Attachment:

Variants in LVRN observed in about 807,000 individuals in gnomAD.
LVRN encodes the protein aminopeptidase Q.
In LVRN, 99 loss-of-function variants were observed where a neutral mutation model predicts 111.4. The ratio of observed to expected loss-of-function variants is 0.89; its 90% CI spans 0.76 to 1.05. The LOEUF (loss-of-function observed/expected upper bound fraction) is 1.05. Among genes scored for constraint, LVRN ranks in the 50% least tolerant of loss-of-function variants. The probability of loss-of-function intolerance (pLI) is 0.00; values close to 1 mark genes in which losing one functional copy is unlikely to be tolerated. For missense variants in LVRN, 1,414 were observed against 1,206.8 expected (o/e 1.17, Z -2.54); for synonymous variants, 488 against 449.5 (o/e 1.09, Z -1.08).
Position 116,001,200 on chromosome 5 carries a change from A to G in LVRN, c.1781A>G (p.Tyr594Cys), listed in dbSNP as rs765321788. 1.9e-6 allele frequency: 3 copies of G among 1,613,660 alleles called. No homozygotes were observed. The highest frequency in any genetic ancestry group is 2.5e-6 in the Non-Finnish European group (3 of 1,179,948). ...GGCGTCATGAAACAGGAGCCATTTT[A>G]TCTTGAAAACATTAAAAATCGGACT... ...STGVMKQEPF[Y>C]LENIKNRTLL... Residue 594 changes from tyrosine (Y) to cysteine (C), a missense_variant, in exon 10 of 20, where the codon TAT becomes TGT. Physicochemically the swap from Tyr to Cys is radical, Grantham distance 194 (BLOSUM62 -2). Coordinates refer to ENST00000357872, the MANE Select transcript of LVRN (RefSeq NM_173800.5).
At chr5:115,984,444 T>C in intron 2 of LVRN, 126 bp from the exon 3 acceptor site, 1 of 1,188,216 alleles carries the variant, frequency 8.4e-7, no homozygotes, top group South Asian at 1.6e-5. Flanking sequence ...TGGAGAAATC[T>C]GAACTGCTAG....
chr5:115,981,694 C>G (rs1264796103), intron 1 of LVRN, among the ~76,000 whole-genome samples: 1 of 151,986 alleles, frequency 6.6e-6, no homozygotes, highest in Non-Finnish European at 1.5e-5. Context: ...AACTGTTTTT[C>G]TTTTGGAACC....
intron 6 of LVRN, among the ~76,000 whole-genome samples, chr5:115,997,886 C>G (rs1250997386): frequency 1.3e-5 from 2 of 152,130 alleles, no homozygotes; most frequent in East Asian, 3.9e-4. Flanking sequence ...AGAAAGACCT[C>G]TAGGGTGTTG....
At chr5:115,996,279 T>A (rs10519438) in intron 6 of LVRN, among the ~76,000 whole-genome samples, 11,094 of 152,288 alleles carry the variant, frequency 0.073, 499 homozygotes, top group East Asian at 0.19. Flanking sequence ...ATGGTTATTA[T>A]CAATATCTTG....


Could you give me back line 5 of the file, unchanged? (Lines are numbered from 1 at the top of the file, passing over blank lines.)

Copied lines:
At chr5:115,984,444 T>C in intron 2 of LVRN, 126 bp from the exon 3 acceptor site, 1 of 1,188,216 alleles carries the variant, frequency 8.4e-7, no homozygotes, top group South Asian at 1.6e-5. Flanking sequence ...TGGAGAAATC[T>C]GAACTGCTAG....